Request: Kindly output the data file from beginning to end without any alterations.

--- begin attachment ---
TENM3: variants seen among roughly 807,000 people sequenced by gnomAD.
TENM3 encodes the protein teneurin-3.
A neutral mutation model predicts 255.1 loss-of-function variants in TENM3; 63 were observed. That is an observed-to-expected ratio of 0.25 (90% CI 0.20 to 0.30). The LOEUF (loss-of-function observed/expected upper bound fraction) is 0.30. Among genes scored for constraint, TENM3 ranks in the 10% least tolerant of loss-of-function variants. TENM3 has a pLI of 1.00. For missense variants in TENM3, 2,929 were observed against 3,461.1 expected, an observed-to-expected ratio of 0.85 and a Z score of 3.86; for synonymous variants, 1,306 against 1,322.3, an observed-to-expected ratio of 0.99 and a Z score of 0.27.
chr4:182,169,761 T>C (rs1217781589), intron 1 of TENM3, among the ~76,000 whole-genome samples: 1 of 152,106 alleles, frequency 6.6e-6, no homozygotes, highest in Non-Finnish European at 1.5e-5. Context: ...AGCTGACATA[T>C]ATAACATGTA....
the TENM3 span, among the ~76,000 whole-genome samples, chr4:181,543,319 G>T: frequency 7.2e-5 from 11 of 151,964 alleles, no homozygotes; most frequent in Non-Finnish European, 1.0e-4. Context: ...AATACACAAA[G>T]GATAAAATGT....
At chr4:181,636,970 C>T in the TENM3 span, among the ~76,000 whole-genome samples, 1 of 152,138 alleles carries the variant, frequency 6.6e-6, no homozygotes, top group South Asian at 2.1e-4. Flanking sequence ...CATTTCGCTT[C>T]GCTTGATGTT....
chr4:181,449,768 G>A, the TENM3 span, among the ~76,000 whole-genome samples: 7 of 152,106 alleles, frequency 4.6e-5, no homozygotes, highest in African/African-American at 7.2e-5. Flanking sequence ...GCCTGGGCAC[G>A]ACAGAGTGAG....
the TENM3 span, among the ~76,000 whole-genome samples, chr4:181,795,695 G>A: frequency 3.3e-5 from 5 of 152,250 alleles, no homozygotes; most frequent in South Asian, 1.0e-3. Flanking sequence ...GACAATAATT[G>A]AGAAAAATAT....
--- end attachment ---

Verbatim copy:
TENM3: variants seen among roughly 807,000 people sequenced by gnomAD.
TENM3 encodes the protein teneurin-3.
A neutral mutation model predicts 255.1 loss-of-function variants in TENM3; 63 were observed. That is an observed-to-expected ratio of 0.25 (90% CI 0.20 to 0.30). The LOEUF (loss-of-function observed/expected upper bound fraction) is 0.30. Among genes scored for constraint, TENM3 ranks in the 10% least tolerant of loss-of-function variants. TENM3 has a pLI of 1.00. For missense variants in TENM3, 2,929 were observed against 3,461.1 expected, an observed-to-expected ratio of 0.85 and a Z score of 3.86; for synonymous variants, 1,306 against 1,322.3, an observed-to-expected ratio of 0.99 and a Z score of 0.27.
chr4:182,169,761 T>C (rs1217781589), intron 1 of TENM3, among the ~76,000 whole-genome samples: 1 of 152,106 alleles, frequency 6.6e-6, no homozygotes, highest in Non-Finnish European at 1.5e-5. Context: ...AGCTGACATA[T>C]ATAACATGTA....
the TENM3 span, among the ~76,000 whole-genome samples, chr4:181,543,319 G>T: frequency 7.2e-5 from 11 of 151,964 alleles, no homozygotes; most frequent in Non-Finnish European, 1.0e-4. Context: ...AATACACAAA[G>T]GATAAAATGT....
At chr4:181,636,970 C>T in the TENM3 span, among the ~76,000 whole-genome samples, 1 of 152,138 alleles carries the variant, frequency 6.6e-6, no homozygotes, top group South Asian at 2.1e-4. Flanking sequence ...CATTTCGCTT[C>T]GCTTGATGTT....
chr4:181,449,768 G>A, the TENM3 span, among the ~76,000 whole-genome samples: 7 of 152,106 alleles, frequency 4.6e-5, no homozygotes, highest in African/African-American at 7.2e-5. Flanking sequence ...GCCTGGGCAC[G>A]ACAGAGTGAG....
the TENM3 span, among the ~76,000 whole-genome samples, chr4:181,795,695 G>A: frequency 3.3e-5 from 5 of 152,250 alleles, no homozygotes; most frequent in South Asian, 1.0e-3. Flanking sequence ...GACAATAATT[G>A]AGAAAAATAT....